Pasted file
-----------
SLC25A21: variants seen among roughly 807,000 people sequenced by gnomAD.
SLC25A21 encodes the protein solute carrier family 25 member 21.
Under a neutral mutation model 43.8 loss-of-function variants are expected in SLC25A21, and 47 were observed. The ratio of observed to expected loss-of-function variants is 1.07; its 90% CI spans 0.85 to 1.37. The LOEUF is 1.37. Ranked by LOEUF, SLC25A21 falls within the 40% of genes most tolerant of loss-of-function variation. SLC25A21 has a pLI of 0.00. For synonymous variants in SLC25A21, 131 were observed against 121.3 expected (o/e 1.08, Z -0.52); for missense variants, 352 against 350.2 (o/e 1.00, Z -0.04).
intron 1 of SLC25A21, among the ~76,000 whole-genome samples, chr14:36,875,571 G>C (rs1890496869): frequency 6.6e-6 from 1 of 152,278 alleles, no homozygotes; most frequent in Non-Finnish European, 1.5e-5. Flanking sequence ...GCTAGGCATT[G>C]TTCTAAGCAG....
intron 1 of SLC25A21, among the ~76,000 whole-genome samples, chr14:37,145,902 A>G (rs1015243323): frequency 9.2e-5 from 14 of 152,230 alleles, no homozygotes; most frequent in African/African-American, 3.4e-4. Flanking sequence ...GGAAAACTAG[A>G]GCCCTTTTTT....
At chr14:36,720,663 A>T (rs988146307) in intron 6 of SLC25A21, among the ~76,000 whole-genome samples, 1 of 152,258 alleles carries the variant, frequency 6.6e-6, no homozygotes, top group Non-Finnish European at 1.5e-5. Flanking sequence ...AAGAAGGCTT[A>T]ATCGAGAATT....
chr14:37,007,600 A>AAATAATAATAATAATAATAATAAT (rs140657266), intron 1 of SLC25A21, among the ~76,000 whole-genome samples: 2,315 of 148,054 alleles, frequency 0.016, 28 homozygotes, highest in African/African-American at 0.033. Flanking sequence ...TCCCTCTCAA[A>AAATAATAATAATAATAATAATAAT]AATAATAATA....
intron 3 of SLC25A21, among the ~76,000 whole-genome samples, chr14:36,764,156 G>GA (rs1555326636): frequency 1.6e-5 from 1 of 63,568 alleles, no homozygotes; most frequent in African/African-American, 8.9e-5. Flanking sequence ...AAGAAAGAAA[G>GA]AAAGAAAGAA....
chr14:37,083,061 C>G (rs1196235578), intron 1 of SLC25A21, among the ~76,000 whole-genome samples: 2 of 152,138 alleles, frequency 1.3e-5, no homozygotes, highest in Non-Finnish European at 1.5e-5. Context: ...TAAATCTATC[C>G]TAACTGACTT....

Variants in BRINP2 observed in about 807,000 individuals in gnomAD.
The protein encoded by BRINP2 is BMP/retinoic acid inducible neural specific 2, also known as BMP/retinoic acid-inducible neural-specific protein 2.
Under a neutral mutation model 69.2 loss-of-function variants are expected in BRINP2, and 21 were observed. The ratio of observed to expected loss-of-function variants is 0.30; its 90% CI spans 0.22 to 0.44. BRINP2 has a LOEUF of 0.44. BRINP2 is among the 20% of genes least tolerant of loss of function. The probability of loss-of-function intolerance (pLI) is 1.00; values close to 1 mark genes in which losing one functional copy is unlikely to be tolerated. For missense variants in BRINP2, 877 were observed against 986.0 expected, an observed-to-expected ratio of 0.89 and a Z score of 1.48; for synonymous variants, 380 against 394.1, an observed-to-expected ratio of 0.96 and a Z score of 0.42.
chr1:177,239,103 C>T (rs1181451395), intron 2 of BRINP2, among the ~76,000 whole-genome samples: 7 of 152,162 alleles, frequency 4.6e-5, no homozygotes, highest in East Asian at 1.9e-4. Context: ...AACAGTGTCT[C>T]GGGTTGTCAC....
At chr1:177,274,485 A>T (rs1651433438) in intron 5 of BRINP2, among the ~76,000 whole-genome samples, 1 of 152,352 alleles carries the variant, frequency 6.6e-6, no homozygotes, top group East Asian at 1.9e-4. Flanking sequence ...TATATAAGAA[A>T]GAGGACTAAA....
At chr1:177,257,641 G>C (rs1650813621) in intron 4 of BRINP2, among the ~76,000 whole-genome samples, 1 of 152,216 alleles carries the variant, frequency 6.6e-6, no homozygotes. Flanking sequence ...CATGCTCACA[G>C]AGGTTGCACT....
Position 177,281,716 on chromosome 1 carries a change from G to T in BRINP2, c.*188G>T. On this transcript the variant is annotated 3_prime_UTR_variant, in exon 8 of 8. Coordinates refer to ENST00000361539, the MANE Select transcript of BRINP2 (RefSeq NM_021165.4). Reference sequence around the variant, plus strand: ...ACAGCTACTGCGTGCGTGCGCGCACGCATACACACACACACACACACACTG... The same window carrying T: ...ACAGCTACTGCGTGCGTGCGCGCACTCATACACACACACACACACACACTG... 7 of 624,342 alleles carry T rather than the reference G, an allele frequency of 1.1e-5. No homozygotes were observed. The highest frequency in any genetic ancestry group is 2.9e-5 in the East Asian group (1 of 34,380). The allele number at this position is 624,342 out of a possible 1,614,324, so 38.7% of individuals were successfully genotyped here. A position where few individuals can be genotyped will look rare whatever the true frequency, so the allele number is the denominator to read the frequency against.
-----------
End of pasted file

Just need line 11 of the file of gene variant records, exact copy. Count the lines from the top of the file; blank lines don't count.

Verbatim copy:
The protein encoded by BRINP2 is BMP/retinoic acid inducible neural specific 2, also known as BMP/retinoic acid-inducible neural-specific protein 2.